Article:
FIG. 17 is a perspective view of a positioning forceps in accordance with an aspect of an illustrative embodiment.

FIG. 18 is a front view of a positioning forceps in accordance with an aspect of an illustrative embodiment.

FIG. 19 is a side view of a positioning forceps in accordance with an aspect of an illustrative embodiment.

FIG. 20 is a rear view of a positioning forceps in accordance with an aspect of an illustrative embodiment.

FIG. 21 is a top view of a positioning forceps in accordance with an aspect of an illustrative embodiment.

FIG. 22 is a perspective view of a positioning forceps in an open position in accordance with an aspect of an illustrative embodiment.

FIG. 23 is a perspective view of a drill bit guide in accordance with an aspect of an illustrative embodiment.

FIG. 24 is a perspective view of a drill bit in accordance with an aspect of an illustrative embodiment.

FIG. 25 is a perspective view of a drill bit inserted in a drill bit guide in accordance with an aspect of an illustrative embodiment.

FIG. 26. is a front view of a positioning forceps with a drill bit guide contacting a bone segment in accordance with an aspect of an illustrative embodiment.

FIG. 27 is a side view of an external drive tool in accordance with an aspect of an illustrative embodiment.

FIG. 28 is a side cut-away view of an external drive tool self-retaining hex drive in accordance with an aspect of an illustrative embodiment.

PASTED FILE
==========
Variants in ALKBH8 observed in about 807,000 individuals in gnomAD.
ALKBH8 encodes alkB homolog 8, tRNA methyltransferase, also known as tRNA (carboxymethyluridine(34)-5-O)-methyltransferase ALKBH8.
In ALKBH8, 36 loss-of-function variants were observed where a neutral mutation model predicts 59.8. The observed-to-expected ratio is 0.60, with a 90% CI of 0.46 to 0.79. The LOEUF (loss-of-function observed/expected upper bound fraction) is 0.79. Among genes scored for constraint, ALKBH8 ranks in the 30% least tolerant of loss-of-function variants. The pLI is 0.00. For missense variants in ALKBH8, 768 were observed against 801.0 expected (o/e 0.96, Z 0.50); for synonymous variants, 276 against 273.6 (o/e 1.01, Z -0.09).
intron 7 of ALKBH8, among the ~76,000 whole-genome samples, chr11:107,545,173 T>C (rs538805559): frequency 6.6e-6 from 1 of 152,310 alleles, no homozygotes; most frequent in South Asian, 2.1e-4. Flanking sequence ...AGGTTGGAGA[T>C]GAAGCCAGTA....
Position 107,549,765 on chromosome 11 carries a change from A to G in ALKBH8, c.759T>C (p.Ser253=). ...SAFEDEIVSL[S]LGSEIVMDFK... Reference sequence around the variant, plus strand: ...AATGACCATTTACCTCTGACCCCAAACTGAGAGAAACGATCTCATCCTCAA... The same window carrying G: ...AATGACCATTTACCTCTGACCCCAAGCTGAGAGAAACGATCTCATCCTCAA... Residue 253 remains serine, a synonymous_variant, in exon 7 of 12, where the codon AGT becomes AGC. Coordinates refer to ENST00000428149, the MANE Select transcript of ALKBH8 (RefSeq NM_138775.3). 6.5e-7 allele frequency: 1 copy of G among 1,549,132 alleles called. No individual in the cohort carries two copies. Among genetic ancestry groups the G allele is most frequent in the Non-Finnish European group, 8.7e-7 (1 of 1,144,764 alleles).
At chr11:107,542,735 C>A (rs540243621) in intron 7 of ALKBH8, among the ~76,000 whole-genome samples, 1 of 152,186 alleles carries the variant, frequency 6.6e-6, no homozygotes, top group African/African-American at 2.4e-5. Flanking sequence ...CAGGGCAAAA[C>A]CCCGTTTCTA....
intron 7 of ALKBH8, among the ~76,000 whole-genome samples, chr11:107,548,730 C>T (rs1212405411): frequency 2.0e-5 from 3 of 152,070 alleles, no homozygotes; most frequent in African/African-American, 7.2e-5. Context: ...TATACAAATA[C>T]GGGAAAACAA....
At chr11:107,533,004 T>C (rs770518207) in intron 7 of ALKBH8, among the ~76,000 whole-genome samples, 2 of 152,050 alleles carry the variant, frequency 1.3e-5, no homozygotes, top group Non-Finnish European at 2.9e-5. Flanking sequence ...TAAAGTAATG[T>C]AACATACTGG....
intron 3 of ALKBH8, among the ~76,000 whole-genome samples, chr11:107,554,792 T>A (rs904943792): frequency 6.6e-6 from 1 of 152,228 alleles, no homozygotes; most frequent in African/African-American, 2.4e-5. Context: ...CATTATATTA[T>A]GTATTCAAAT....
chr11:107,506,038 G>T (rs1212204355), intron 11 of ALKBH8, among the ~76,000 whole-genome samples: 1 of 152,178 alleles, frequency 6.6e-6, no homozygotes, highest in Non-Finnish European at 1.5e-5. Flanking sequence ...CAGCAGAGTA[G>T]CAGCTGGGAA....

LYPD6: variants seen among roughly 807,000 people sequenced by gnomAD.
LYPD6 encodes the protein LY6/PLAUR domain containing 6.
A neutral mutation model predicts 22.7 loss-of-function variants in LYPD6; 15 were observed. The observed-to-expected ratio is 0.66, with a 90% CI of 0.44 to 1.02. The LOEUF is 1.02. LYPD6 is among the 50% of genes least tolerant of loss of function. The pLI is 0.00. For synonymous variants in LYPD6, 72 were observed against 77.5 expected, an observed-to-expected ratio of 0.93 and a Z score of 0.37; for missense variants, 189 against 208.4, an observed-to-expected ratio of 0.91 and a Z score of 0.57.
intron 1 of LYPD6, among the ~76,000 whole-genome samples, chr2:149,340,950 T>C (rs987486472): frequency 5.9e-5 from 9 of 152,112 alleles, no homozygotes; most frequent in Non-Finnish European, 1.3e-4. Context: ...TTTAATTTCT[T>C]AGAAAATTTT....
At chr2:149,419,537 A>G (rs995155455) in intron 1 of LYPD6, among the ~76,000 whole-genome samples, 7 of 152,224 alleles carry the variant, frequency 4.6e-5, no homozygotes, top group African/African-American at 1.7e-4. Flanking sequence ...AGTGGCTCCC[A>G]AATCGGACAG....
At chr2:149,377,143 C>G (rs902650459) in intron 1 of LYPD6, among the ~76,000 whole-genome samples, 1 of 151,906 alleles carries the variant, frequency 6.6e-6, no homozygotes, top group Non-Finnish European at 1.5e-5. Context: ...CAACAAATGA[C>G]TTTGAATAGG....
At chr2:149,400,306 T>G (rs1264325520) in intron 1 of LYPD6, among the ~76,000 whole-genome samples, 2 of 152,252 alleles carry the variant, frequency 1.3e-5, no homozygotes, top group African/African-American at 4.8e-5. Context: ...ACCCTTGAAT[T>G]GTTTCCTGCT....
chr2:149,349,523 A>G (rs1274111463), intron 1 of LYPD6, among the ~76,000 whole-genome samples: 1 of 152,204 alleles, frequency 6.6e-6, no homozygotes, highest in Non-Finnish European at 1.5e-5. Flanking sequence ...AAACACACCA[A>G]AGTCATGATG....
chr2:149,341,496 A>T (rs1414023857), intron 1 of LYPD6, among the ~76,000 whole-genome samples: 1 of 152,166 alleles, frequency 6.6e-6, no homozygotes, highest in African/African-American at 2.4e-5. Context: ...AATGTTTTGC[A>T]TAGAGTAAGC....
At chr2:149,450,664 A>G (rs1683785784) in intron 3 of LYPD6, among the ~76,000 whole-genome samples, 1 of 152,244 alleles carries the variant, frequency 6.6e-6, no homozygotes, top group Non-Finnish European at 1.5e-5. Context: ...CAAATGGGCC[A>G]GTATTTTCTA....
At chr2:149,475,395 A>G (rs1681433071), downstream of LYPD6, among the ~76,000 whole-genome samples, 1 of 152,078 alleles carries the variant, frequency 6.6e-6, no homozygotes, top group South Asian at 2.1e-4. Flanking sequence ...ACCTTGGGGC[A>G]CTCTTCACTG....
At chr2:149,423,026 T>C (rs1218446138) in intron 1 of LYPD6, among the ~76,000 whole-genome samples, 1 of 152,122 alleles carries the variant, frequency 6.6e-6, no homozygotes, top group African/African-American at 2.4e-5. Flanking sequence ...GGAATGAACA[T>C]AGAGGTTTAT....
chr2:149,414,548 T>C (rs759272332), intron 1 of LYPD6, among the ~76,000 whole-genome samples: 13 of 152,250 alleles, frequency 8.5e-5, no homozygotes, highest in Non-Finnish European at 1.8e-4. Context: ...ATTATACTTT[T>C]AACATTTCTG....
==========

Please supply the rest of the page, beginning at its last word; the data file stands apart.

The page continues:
FIG. 29 is a bottom view of an external drive tool in accordance with an aspect of an illustrative embodiment.

FIG. 30 is an illustration of a patient with broken ribs.

FIG. 31 is an illustration of an incision and ports in accordance with an aspect of an illustrative embodiment.

FIG. 32 is an illustration of an incision template placed over a patient's broken ribs in accordance with an aspect of an illustrative embodiment.

FIG. 33 is an illustration of the positioning forceps about to be inserted into incisions over the patient's broken ribs in accordance with an aspect of an illustrative embodiment.

FIG. 34 is an illustration of the positioning forceps contacting bone segments in the patient's broken ribs in accordance with an aspect of an illustrative embodiment.

FIG. 35 is an illustration of the positioning forceps of FIG. 34 with drill bit guides inserted into the forceps in accordance with an aspect of an illustrative embodiment.

FIG. 36 is a perspective view of a drill bit with indicators for indicating the depth of a hole made by the drill bit along with locking caps configured to be used in drill holes of varying depth in accordance with an aspect of an illustrative embodiment.

FIG. 37 is an illustration of guide tubes being inserted into the drill bit guides in accordance with an aspect of an illustrative embodiment.

FIG. 38 is an illustration of guide tubes being inserted through holes in the bone segments of the patient's broken ribs in accordance with an aspect of an illustrative embodiment.

FIG. 39 is an illustration of the ends of the guide tubes being removed from an incision away from the patient's ribs in accordance with an aspect of an illustrative embodiment.

FIG. 40 is an illustration showing the guide tubes after the ends of the guide tubes have been removed from an incision away from the patient's ribs in accordance with an aspect of an illustrative embodiment.

FIG. 41 is an illustration of a tether inserted through the pivoting locking posts of the longitudinal member being inserted into the guide tubes in accordance with an aspect of an illustrative embodiment.

FIG. 42 is an illustration of the ends of the tether being removed from the ends of the guide tubes opposite to the ends in which the tethers were inserted in accordance with an aspect of an illustrative embodiment.